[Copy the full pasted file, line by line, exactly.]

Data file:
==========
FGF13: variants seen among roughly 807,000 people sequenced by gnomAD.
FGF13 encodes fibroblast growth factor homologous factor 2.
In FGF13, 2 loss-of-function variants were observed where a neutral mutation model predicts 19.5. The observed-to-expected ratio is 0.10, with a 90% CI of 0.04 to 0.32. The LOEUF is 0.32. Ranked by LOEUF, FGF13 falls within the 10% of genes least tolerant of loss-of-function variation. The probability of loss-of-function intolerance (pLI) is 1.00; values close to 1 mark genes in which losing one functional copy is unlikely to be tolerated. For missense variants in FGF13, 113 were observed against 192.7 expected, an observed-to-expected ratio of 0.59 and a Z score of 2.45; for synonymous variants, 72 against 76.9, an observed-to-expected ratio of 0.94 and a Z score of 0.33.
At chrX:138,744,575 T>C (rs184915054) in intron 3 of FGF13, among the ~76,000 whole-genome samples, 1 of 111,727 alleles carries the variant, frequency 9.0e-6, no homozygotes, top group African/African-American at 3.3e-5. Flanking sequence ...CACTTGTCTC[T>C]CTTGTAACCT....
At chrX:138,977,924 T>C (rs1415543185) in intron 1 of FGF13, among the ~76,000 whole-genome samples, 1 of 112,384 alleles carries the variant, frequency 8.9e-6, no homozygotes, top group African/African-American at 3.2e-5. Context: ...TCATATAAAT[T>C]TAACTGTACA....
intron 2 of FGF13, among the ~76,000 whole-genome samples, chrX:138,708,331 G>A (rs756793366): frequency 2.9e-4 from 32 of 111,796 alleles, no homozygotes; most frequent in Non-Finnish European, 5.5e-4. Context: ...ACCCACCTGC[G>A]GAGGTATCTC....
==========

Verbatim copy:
FGF13: variants seen among roughly 807,000 people sequenced by gnomAD.
FGF13 encodes fibroblast growth factor homologous factor 2.
In FGF13, 2 loss-of-function variants were observed where a neutral mutation model predicts 19.5. The observed-to-expected ratio is 0.10, with a 90% CI of 0.04 to 0.32. The LOEUF is 0.32. Ranked by LOEUF, FGF13 falls within the 10% of genes least tolerant of loss-of-function variation. The probability of loss-of-function intolerance (pLI) is 1.00; values close to 1 mark genes in which losing one functional copy is unlikely to be tolerated. For missense variants in FGF13, 113 were observed against 192.7 expected, an observed-to-expected ratio of 0.59 and a Z score of 2.45; for synonymous variants, 72 against 76.9, an observed-to-expected ratio of 0.94 and a Z score of 0.33.
At chrX:138,744,575 T>C (rs184915054) in intron 3 of FGF13, among the ~76,000 whole-genome samples, 1 of 111,727 alleles carries the variant, frequency 9.0e-6, no homozygotes, top group African/African-American at 3.3e-5. Flanking sequence ...CACTTGTCTC[T>C]CTTGTAACCT....
At chrX:138,977,924 T>C (rs1415543185) in intron 1 of FGF13, among the ~76,000 whole-genome samples, 1 of 112,384 alleles carries the variant, frequency 8.9e-6, no homozygotes, top group African/African-American at 3.2e-5. Context: ...TCATATAAAT[T>C]TAACTGTACA....
intron 2 of FGF13, among the ~76,000 whole-genome samples, chrX:138,708,331 G>A (rs756793366): frequency 2.9e-4 from 32 of 111,796 alleles, no homozygotes; most frequent in Non-Finnish European, 5.5e-4. Context: ...ACCCACCTGC[G>A]GAGGTATCTC....